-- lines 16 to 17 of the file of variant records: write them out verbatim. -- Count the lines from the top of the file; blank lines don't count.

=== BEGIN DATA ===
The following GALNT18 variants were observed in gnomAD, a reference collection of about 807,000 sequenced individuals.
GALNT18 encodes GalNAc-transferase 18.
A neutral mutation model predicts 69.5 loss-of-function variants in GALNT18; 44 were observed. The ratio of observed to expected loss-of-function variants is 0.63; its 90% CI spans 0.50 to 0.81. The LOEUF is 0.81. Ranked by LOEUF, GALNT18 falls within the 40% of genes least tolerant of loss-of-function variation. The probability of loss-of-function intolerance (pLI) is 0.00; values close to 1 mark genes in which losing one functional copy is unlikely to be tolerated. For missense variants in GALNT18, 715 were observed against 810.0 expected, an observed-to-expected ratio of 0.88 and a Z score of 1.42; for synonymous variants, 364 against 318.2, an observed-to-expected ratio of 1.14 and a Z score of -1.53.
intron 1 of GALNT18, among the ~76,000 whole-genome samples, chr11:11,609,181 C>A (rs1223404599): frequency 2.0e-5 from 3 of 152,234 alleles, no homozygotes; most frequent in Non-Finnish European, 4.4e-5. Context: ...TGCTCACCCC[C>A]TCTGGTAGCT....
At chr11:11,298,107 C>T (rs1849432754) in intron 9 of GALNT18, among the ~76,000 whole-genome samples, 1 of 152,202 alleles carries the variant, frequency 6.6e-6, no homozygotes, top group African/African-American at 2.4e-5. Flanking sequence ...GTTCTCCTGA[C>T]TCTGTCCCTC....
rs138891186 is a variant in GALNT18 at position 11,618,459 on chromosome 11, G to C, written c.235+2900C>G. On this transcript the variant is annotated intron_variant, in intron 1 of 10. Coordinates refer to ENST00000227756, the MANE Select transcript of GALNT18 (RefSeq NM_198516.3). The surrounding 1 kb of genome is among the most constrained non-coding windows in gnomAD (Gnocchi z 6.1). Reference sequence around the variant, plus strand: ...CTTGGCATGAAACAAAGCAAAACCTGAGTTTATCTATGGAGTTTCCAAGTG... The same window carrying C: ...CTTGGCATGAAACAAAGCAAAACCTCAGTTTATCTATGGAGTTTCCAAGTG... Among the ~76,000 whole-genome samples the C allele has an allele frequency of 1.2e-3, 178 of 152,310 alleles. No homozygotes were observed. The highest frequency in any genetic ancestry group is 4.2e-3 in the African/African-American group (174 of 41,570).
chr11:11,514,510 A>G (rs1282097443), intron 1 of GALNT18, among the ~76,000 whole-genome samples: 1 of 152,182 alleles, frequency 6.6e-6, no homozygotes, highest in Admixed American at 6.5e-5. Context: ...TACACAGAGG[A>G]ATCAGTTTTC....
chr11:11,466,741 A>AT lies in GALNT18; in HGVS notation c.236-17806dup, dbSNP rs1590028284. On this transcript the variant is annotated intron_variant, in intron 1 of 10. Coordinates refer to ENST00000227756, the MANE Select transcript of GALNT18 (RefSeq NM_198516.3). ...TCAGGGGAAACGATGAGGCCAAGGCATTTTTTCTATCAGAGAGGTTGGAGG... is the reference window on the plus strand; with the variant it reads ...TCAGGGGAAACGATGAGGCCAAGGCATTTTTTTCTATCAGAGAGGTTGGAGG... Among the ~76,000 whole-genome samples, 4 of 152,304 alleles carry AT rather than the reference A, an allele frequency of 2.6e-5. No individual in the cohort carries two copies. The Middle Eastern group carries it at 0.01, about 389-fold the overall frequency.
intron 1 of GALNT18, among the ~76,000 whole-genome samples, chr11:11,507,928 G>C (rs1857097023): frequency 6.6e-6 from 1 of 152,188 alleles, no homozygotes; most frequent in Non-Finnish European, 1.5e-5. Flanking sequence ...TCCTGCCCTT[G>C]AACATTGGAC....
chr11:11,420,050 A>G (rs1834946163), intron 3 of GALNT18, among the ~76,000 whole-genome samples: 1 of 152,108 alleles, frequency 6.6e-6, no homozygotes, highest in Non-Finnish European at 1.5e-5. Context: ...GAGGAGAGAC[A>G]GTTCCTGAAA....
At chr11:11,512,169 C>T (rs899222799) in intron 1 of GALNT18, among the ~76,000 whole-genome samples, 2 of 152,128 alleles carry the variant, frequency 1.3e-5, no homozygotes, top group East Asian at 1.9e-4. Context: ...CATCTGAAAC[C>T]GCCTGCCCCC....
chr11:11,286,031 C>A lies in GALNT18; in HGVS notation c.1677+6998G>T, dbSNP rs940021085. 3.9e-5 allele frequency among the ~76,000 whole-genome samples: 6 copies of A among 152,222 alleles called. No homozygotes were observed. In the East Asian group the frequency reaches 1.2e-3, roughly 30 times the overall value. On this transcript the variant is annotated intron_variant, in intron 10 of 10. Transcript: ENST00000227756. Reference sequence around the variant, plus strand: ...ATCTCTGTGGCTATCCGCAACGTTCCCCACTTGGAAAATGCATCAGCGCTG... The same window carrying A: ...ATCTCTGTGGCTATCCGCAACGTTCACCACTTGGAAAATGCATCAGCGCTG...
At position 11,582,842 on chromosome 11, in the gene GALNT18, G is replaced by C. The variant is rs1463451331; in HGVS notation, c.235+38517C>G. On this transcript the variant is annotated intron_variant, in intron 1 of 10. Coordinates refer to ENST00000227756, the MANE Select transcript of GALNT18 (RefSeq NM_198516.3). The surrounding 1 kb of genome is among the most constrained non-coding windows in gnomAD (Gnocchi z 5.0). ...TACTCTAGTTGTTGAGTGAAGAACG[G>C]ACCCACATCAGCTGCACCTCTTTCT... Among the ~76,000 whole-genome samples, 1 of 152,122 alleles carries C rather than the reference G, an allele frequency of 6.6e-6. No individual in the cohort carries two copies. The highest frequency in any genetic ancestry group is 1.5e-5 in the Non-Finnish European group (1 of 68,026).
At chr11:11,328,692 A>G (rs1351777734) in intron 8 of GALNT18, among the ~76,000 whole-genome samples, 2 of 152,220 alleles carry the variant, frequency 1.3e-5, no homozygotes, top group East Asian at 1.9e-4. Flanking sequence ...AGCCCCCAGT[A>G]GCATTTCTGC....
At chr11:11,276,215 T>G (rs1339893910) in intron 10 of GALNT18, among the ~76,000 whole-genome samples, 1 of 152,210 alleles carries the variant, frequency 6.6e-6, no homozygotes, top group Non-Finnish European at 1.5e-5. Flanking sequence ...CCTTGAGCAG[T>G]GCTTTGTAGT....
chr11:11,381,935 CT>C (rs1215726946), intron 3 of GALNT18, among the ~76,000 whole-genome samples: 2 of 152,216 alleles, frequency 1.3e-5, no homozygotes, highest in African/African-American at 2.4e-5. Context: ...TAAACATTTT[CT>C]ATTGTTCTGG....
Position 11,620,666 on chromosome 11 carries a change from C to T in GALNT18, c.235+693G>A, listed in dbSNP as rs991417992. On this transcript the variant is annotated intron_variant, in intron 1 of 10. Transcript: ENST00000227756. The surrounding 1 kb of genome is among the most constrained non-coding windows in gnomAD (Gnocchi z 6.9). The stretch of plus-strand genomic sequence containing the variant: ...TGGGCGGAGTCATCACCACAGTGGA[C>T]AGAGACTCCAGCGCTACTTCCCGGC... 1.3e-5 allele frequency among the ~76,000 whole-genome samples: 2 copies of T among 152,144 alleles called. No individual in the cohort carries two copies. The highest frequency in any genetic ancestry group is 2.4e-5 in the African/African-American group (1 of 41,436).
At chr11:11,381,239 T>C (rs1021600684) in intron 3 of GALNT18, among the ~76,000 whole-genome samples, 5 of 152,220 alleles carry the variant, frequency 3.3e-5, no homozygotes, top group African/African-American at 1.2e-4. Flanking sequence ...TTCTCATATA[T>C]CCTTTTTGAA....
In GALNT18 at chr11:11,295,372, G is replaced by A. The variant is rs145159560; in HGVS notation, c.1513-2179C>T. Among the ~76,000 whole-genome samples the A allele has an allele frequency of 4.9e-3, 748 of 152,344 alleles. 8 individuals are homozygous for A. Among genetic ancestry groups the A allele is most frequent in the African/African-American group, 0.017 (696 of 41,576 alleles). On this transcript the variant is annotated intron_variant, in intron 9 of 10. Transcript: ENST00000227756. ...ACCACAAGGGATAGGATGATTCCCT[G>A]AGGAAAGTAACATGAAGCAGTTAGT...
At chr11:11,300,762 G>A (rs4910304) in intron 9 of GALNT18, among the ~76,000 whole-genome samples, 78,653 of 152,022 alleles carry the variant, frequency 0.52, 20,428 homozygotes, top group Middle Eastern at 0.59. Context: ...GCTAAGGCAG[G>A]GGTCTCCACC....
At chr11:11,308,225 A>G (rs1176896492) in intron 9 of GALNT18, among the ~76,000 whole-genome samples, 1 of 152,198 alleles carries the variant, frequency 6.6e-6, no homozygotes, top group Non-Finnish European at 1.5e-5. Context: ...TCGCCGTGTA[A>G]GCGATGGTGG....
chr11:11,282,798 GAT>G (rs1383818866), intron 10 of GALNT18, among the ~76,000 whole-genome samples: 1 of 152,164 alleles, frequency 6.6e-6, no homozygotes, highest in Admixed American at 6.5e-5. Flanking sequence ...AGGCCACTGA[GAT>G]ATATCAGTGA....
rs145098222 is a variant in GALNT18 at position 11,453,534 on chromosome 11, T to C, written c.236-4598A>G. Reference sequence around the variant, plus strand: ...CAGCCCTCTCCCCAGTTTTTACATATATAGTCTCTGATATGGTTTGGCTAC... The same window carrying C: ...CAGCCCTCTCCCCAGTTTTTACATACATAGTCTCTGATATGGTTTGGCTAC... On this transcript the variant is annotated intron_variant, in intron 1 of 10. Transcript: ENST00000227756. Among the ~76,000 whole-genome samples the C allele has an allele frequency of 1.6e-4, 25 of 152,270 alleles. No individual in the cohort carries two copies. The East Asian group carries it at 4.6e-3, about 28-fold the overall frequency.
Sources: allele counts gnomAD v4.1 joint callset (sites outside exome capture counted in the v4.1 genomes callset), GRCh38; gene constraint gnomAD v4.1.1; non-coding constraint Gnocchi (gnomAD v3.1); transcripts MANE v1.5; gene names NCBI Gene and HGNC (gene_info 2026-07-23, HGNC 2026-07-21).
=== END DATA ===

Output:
chr11:11,381,935 CT>C (rs1215726946), intron 3 of GALNT18, among the ~76,000 whole-genome samples: 2 of 152,216 alleles, frequency 1.3e-5, no homozygotes, highest in African/African-American at 2.4e-5. Context: ...TAAACATTTT[CT>C]ATTGTTCTGG....
Position 11,620,666 on chromosome 11 carries a change from C to T in GALNT18, c.235+693G>A, listed in dbSNP as rs991417992. On this transcript the variant is annotated intron_variant, in intron 1 of 10. Transcript: ENST00000227756. The surrounding 1 kb of genome is among the most constrained non-coding windows in gnomAD (Gnocchi z 6.9). The stretch of plus-strand genomic sequence containing the variant: ...TGGGCGGAGTCATCACCACAGTGGA[C>T]AGAGACTCCAGCGCTACTTCCCGGC... 1.3e-5 allele frequency among the ~76,000 whole-genome samples: 2 copies of T among 152,144 alleles called. No individual in the cohort carries two copies. The highest frequency in any genetic ancestry group is 2.4e-5 in the African/African-American group (1 of 41,436).